Researchers at the University of Essex have found that teenagers often engage in sexting to avenge a perceived betrayal, as well as to initiate sex.

Sixteen-year-old boys and girls, who took part in the ongoing study, admitted that the sharing of explicit photos of someone else is often their way of issuing pay-back for having been cheated on or 'disresepcted'.  

They also admitted that sharing sexualised images online or via smartphones enabled them to connect, flirt and share erotic desires online with someone they felt attracted to, without feeling the insecurity that comes with meeting in person.

The findings will be the focus of an event as part of the Economic and Social Research Council’s (ESRC) Festival of Social Science.

Camilla Giambonini from the Department of Psychosocial and Psychoanalytic Studies at Essex, said:  "There's a moral panic around sexting and there is concern that it leads to bullying. But it’s impossible to stop young people from sharing their intimate images. Therefore we need to reduce any harmful impact with interventions aimed at educating young people about the risks of online sharing. It’s also important to consider their needs, and what it means to build trust and confidence."

"Young people need to learn about how to handle negative emotions when relationships go wrong, and this ought to start at an early age. These negative emotions are often the cause of exposure of 'sexted' images. Our laws and policy should also take this aspect into account."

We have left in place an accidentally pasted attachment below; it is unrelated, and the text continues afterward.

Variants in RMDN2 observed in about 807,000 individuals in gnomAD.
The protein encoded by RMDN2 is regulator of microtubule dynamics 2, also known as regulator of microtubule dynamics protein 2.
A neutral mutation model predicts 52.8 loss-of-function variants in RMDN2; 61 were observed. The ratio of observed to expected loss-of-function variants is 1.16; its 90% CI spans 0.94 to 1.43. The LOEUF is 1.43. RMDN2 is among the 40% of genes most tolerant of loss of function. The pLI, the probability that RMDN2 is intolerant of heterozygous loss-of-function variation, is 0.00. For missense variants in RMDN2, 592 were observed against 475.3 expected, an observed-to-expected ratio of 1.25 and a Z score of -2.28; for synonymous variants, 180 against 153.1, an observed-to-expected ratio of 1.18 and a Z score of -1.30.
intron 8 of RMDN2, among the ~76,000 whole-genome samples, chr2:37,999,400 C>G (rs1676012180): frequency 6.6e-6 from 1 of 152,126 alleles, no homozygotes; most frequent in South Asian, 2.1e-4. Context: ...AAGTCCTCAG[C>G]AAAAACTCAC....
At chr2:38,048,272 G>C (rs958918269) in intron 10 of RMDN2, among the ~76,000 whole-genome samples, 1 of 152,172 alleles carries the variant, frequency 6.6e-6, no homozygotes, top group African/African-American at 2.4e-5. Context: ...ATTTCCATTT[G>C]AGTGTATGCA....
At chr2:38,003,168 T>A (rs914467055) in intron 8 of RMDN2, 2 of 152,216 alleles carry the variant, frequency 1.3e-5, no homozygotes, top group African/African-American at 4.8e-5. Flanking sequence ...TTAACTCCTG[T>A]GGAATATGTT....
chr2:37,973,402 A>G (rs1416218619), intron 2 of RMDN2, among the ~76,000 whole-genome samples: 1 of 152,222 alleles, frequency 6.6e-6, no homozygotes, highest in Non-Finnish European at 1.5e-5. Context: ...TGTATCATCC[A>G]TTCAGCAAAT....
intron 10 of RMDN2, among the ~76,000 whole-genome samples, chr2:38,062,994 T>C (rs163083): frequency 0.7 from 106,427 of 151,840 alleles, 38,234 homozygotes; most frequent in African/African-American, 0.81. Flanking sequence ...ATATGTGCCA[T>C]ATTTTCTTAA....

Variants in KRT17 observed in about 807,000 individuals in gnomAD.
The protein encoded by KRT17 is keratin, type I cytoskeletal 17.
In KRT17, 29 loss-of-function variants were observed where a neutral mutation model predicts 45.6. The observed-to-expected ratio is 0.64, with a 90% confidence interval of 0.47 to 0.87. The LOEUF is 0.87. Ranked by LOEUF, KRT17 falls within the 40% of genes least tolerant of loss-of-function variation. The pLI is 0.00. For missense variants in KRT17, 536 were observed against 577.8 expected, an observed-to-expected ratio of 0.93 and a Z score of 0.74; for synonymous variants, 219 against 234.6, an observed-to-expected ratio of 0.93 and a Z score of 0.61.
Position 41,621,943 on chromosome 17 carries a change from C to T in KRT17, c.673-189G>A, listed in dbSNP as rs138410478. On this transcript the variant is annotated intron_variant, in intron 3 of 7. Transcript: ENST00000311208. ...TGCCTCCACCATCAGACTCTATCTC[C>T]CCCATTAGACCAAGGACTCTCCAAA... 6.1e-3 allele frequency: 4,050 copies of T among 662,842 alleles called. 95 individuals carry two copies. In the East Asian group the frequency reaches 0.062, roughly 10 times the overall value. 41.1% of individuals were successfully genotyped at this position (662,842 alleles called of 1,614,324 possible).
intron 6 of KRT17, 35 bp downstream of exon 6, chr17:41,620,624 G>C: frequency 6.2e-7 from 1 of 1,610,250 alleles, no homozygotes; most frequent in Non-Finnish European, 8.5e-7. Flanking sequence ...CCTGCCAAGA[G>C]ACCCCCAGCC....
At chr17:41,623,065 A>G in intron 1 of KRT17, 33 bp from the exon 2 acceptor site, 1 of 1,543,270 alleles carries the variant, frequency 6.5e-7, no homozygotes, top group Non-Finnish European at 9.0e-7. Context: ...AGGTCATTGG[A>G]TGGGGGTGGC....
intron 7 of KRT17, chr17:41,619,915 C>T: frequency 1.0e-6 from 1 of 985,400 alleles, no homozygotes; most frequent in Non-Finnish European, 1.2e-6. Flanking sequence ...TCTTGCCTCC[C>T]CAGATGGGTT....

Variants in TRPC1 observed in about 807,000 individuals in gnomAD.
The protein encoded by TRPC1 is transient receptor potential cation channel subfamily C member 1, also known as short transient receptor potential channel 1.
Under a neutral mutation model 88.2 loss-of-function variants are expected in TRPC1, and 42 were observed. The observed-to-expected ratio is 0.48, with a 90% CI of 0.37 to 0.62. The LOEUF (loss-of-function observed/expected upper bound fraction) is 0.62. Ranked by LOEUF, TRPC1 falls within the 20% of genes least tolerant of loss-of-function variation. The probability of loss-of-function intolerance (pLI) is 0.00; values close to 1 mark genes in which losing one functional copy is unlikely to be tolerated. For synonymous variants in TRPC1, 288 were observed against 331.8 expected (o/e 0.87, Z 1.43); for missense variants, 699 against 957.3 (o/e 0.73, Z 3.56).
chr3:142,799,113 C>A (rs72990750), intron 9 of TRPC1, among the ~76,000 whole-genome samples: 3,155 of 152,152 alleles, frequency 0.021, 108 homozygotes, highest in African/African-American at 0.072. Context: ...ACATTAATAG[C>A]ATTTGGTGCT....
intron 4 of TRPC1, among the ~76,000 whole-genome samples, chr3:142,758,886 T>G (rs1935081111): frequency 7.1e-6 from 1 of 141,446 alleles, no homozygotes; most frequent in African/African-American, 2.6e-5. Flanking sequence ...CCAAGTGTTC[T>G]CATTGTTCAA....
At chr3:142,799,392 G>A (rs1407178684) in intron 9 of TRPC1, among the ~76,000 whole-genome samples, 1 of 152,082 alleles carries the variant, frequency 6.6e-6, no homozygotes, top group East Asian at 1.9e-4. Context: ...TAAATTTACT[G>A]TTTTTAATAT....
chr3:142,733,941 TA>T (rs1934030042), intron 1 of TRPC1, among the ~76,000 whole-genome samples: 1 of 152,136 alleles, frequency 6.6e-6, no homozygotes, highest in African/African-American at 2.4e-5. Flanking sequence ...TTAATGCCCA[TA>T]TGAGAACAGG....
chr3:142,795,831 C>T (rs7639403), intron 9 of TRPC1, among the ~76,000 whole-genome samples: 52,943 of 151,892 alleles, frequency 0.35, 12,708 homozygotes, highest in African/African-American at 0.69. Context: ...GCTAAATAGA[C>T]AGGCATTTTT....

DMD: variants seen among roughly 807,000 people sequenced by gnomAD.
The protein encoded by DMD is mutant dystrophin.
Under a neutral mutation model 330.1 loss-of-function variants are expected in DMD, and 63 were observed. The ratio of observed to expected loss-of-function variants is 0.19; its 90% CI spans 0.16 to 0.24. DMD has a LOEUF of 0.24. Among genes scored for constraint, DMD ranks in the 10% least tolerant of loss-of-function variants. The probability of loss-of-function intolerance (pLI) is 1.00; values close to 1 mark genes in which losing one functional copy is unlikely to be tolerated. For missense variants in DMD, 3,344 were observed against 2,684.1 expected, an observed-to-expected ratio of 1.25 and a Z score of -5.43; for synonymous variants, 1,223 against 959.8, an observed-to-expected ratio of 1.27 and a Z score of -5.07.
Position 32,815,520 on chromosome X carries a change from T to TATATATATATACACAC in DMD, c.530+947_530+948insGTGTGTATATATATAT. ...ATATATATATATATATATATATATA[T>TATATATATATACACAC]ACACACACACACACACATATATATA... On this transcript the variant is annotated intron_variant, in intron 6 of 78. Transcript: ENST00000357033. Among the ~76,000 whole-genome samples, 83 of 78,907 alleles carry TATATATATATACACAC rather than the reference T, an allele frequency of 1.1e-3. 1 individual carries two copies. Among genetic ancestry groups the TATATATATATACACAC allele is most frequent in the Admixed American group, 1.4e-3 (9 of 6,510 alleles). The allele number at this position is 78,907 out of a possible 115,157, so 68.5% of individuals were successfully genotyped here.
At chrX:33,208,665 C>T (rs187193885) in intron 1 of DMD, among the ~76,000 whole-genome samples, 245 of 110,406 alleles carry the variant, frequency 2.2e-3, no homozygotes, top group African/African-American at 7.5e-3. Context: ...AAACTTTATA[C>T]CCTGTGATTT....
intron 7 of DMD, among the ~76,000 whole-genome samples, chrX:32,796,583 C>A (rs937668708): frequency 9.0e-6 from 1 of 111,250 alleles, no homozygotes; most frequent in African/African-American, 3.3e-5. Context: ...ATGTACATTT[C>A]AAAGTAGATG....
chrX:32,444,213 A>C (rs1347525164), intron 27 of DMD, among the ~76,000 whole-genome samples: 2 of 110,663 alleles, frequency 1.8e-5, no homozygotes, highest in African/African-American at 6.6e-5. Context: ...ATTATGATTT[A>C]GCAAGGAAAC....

Quotes from young people captured as part of this study include:

 "When you like a girl, you feel embarrassed at talking to her face to face. Online you can present yourself as you wish, you can accept yourself better… so communication is easier." Nick, 16

 "I got very, very angry… very angry… mostly with myself, because I believed him when he’d told me it wasn’t him who shared the picture… I shouldn’t have believed him… I blamed myself…" Josephine, 16

"If they break up or she does something she shouldn’t have, like she cheats on him, he sends the picture around. In the end, most the times this is how it goes… because he is a child. It’s a very stupid thing. It is useless to humiliate girls so much."  Joe, 16

Researchers will be sharing their findings as part of an event entitled Digital Intimacy on 9 November for the general public.